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Guest Post: Daydreaming Is the Thing by Mary Salisbury, author of Side Effects of Wanting

Today’s guest is Mary Salisbury, who has a new book out from Main Street Rag. Let’s learn about Side Effects of Wanting:

Side Effects, Mary Salisbury’s impressive debut collection, introduces a writer whose voice compels and enchants, its quiet and subtle vibrancy pitch perfect, story after story, and intensified by the quietness that surrounds each. Stories of love, longing, and loss, and behind each the writer’s charitable heart, and an observing eye that misses nothing. ~Jack Driscoll, author of The Goat Fish and the Lover’s Knot

Compelling and remarkably honest, Side Effects of Wanting investigates the sharper edges of our unique emotional landscapes in a series of exciting, accessible stories that explore both the strengths and frailties of the human condition in its varied aspects—personal identity, grief, fractured relationships, the ghosts of the past, transformation, and slowly mending hearts. Weaving together small-town stories filled with secrets, hardships, and that ever-present ache of almost becoming the person you want to be, Mary Salisbury tenderly renders heartbreaking narratives in which characters reach out to be loved, to be understood, and to finally feel safe. ~John Sibley Williams, author of As One Fire Consumes Another

Mary Salisbury’s stories are infused with the precision of a poet and the wisdom of a deep thinker, amounting to some of the best stories I’ve read about milestone matters of the heart, everyday regrets with life-altering outcomes, and the painful nuances of long-haul love. Side Effects of Wanting not only invites us in, it lets us laugh and cry while we watch on the edge of our seats as lovers, siblings, parents, and co-workers face private, universally relatable conundrums head-on. ~Katey Schultz, author of Still Come Home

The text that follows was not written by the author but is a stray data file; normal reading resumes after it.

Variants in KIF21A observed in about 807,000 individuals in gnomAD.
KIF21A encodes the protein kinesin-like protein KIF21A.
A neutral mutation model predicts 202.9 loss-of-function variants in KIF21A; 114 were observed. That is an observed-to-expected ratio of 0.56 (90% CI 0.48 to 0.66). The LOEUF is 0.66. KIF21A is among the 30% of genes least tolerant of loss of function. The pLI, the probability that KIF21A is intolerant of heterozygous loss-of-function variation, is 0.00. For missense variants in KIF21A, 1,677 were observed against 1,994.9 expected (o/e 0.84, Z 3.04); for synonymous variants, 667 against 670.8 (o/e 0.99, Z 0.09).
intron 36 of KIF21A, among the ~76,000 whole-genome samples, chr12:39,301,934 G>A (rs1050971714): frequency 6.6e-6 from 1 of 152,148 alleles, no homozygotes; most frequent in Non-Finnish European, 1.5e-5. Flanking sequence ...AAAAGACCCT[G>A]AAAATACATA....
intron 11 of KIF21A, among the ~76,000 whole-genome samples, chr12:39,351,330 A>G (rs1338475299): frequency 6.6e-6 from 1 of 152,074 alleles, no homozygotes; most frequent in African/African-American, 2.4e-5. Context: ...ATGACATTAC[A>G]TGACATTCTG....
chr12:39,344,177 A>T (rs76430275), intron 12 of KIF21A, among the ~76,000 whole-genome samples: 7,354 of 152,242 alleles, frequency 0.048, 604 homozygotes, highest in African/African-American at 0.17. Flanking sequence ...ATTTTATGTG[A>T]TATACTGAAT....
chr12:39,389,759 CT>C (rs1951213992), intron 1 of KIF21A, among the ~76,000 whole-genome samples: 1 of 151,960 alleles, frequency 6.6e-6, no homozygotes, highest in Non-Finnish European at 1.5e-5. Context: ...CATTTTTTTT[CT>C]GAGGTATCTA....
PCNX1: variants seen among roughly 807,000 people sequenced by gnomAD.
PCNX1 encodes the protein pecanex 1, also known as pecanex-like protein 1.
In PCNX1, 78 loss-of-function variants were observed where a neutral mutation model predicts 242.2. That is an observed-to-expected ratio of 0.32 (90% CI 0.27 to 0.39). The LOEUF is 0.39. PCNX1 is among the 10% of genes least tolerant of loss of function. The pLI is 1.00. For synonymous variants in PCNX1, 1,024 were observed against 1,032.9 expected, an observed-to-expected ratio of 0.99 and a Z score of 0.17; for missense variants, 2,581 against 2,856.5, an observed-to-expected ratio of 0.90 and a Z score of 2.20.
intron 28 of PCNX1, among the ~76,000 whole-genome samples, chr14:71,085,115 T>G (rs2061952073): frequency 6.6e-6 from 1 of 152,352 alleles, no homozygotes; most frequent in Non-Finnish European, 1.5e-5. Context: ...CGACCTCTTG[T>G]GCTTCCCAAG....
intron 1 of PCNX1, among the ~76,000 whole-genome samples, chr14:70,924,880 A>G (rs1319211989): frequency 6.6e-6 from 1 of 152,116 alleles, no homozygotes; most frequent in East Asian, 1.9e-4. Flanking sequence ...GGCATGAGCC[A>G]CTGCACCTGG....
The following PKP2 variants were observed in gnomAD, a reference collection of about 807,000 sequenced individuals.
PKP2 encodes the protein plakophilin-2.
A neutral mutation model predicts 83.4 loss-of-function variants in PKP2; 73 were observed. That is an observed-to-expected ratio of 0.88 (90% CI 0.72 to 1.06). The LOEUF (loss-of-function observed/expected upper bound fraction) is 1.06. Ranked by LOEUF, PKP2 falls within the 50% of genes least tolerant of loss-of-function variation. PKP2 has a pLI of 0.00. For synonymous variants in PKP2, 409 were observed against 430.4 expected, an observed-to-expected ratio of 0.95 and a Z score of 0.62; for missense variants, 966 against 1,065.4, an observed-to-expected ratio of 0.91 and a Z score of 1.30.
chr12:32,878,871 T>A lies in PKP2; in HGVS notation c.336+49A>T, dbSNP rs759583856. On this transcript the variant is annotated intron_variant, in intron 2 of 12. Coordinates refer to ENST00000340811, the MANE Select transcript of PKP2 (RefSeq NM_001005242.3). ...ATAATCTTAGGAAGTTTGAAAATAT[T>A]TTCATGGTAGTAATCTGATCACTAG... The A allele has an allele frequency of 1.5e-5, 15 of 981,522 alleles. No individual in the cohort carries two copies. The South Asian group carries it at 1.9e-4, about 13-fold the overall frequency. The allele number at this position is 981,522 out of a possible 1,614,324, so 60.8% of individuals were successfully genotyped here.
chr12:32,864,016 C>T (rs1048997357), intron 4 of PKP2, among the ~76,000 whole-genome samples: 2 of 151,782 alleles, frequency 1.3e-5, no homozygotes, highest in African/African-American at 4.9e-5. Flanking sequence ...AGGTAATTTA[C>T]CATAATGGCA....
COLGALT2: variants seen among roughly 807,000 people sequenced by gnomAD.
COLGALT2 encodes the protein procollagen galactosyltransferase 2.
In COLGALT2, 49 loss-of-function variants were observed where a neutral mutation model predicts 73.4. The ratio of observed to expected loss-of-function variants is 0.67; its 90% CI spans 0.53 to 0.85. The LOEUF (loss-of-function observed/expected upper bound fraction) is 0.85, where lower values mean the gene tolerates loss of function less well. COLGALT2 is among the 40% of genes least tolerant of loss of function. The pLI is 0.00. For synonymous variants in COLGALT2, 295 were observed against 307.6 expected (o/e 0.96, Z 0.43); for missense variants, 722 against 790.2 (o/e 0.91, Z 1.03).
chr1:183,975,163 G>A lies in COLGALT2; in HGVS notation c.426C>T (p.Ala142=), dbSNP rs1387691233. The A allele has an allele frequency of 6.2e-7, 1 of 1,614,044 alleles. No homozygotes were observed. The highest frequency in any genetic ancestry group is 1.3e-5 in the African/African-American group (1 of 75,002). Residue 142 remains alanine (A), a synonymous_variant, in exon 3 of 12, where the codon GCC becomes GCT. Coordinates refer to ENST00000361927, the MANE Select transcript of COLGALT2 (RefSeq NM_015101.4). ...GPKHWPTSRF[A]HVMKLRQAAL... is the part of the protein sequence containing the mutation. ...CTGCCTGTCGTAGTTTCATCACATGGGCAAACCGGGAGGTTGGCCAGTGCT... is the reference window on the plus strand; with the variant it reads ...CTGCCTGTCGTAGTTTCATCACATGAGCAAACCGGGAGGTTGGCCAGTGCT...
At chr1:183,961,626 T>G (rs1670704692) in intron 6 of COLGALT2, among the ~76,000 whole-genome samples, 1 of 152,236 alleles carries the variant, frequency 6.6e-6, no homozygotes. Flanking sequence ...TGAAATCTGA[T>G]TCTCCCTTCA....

Thank you, Mary, for stopping by today to share your thoughts on the creative process.

Daydreaming is part of writing to me. When I was young I climbed trees on our elm-lined street in Flint, Michigan, and hid so I could daydream in peace. My secret dream was to be a songwriter or a back-up singer.

Music was what captivated me, the music of the mid-60’s—Motown was the thing. In my Catholic school it was all plaid skirts and white shirts and daydreaming was not considered a prerequisite to good writing or to singing. But I knew in my heart that it was.

I read the poetry of Emily Dickinson and Robert Frost. I found the poetry of William Carlos Williams, and more, as I grew into my teens. I began to write poetry of my own, and I continued to write poems and stories as I got older and raised children and worked as a registered nurse.

No, I did not become a back-up singer, but I’d still like to be one. My love of music and my love of reading allowed me to enter the world of other worlds and I kept writing so that I could be there, in those other worlds.

As an adult I worked and lived in a small town in Southern Oregon and absorbed the life and natural world around me. I witnessed the act of quiet heroes—people who got out of bed every day and did what was necessary, despite their troubles. These are the people who populate my stories.

I wrote in the car, waiting for my children’s soccer, baseball, or basketball practice to end. I wrote in the library, or early in the morning before the day began. That’s the thing about writing—you only need a notebook and a pen.

I had my first book of short stories published two days before I turned seventy. Writing has sustained me through loss and love. If you love writing, if you need to write, keep writing, and always keep reading. They go together like lyrics and melody.

About the Author:

Mary Salisbury’s short fiction has been published in Cutthroat’s Truth to Power, The Whitefish Review, Cutthroat: A Journal of the Arts, and Flash Fiction Magazine. Salisbury’s essay on writing was featured in Fiction Southeast. Two of Salisbury’s chapbooks, Come What May, and Scarlet Rain Boots, were published by Finishing Line Press, and her poetry has appeared in Calyx. Salisbury is an Oregon Literary Arts Fellowship recipient and a graduate of Pacific University’s MFA in writing program.

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